In her lucid opinion piece published in The New York Times last week, Séverine Autesserre argues that the international community has gotten it terribly wrong in the Congo. Drawing on an argument laid out in her popular 2010 book, The Trouble with the Congo, Autesserre says that this failure stems from our failure to understand the causes of violence. We have, she argues, for too long obsessed about the national and regional causes of the war, and neglected the local dynamics of conflict. She says about diplomats and UN officials:
They neglect to address the other main sources of violence: distinctively local conflicts over land, grassroots power, status and resources, like cattle, charcoal, timber, drugs and fees levied at checkpoints. Most violence in the Congo is not coordinated on a large scale. It is the product of conflicts among fragmented local militia, each trying to advance its own agenda at the village or district level. Those then percolate and expand. (My emphasis)
While she is right to emphasize the local dynamics of conflict, her argument is flawed. She falls victim of her own critique: she, too, ends up being overly reductive, failing to account for the different kinds of armed actors, each with its unique underlying dynamic, in the eastern Congo. In fact, reading her op-ed, one might think that the reason for the uptick in violence in the Kivus this year is due to land conflicts and struggles for power at the village level.
But the main protagonists since the beginning of the transition in 2003 have not been fragmented local militia with parochial concerns, but rather armed groups that are tightly linked to regional political and business elites, such as the CNDP, PARECO, and, most recently, the M23. It is these groups that have set the tone and the terms for the conflict that has percolated until today; in this sense, Autesserre's article is strikingly anachronistic, published the same week the controversy over Rwandan support to the M23 came to a head at the UN Security Council.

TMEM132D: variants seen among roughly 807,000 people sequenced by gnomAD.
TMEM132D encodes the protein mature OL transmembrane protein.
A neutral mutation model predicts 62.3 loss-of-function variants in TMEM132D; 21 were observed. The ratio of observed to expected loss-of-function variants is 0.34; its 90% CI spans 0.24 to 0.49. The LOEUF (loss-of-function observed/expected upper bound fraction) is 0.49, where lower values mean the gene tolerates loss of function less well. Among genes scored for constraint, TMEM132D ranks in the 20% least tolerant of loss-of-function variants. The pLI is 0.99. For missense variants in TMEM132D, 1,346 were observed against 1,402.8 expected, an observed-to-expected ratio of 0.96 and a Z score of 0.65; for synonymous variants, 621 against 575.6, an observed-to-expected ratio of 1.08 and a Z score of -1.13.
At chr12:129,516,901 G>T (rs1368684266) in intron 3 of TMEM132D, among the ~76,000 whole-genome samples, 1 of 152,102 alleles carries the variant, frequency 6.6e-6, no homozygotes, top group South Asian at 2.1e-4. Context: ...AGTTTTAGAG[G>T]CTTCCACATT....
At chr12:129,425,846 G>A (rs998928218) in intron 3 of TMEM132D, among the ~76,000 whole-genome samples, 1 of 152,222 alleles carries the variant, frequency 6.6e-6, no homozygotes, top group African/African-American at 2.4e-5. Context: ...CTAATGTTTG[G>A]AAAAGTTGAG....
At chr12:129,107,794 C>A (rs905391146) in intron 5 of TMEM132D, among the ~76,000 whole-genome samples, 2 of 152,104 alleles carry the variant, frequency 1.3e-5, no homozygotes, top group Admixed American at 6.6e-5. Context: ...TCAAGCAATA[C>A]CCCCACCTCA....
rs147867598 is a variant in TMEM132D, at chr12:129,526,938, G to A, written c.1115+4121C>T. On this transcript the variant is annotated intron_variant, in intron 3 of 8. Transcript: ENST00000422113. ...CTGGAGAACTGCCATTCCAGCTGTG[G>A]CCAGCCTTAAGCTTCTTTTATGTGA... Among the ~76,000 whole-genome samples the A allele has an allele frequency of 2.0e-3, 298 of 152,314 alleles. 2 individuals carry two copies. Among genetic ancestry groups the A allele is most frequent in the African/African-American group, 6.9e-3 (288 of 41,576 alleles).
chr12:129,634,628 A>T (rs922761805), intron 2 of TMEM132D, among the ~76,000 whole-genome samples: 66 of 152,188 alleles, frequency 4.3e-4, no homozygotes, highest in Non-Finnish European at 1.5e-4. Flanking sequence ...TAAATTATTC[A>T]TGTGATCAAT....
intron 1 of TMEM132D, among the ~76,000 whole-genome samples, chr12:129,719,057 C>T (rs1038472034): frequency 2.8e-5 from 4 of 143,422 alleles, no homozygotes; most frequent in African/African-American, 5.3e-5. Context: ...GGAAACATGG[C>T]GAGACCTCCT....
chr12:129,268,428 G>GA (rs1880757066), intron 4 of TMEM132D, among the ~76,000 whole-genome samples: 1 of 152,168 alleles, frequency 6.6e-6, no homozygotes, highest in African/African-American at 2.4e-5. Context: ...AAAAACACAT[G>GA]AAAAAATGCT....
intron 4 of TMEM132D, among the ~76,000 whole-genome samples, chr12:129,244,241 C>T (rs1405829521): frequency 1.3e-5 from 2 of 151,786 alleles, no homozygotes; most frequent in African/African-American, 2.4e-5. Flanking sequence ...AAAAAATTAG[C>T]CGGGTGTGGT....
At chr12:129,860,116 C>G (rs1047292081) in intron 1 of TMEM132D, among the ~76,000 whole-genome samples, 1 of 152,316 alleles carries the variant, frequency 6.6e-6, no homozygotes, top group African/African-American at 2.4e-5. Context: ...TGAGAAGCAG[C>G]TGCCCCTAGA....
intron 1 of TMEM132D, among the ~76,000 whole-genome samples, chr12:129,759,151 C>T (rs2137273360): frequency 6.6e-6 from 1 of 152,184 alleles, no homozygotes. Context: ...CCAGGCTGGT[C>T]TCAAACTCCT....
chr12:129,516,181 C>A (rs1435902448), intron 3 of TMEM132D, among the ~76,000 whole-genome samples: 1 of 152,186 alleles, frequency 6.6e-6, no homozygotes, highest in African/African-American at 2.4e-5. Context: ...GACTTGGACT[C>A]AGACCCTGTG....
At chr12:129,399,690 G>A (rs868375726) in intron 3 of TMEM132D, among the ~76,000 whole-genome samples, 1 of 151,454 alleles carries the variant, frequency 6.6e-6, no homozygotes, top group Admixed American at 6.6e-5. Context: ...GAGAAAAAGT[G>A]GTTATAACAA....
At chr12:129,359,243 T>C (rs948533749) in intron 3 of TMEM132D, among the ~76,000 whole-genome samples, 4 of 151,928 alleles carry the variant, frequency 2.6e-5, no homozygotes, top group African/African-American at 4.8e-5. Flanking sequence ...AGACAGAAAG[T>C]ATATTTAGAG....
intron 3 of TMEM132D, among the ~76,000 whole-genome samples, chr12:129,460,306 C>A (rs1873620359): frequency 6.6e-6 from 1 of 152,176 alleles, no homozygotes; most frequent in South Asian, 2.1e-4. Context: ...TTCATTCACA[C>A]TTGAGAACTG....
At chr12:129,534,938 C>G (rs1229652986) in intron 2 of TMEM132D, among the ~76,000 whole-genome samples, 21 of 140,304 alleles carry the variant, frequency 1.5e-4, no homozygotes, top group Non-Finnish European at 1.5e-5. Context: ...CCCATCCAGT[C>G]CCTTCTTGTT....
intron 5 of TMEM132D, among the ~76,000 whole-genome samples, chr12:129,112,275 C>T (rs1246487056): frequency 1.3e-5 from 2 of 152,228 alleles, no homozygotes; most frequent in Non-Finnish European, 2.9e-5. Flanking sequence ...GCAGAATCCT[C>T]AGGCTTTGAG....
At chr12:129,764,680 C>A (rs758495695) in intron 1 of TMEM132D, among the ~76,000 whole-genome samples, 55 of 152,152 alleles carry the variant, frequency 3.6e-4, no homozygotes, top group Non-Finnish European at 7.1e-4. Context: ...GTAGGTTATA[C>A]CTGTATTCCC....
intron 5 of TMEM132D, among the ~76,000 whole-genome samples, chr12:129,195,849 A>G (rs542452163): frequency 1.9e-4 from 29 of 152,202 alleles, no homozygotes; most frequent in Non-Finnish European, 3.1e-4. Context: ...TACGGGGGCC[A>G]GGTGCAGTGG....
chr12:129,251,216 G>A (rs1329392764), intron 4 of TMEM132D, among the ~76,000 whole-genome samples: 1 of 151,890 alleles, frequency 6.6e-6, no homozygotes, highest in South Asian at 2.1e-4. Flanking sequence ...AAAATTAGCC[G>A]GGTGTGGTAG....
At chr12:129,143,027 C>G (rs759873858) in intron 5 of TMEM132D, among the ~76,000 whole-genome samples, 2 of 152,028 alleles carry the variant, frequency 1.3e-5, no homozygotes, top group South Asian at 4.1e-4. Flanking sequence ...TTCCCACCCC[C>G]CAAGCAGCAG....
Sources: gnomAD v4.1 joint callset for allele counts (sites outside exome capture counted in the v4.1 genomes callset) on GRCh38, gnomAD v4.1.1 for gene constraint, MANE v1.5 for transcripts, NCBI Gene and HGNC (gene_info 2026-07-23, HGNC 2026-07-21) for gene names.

Take the CNDP, for example, which has been the first mover of the main conflict that has simmered in the Kivus since 2003. The group did not emerge at the grassroots level due to land conflict, and the group has few links to customary authorities. Rather, it emerged as an elite-led response to the politics of the peace deal that reunited the country.
When the RCD joined the transitional government in 2003, it stood little chance of survival. It was internally divided and was unlikely to garner many votes in the 2006 elections. The stakes were high: Much of Goma’s elite had prospered thanks to the patronage and protection of the RCD and Rwanda. To safeguard these interests, the CNDP was formed by senior members of the RCD military, in coordination with officials in Kigali and Goma. In response to the CNDP, over twenty other armed groups sprang up, many linked to political elites, professing opposition (and often hatred) to the CNDP and hoping to benefit from demobilization programs.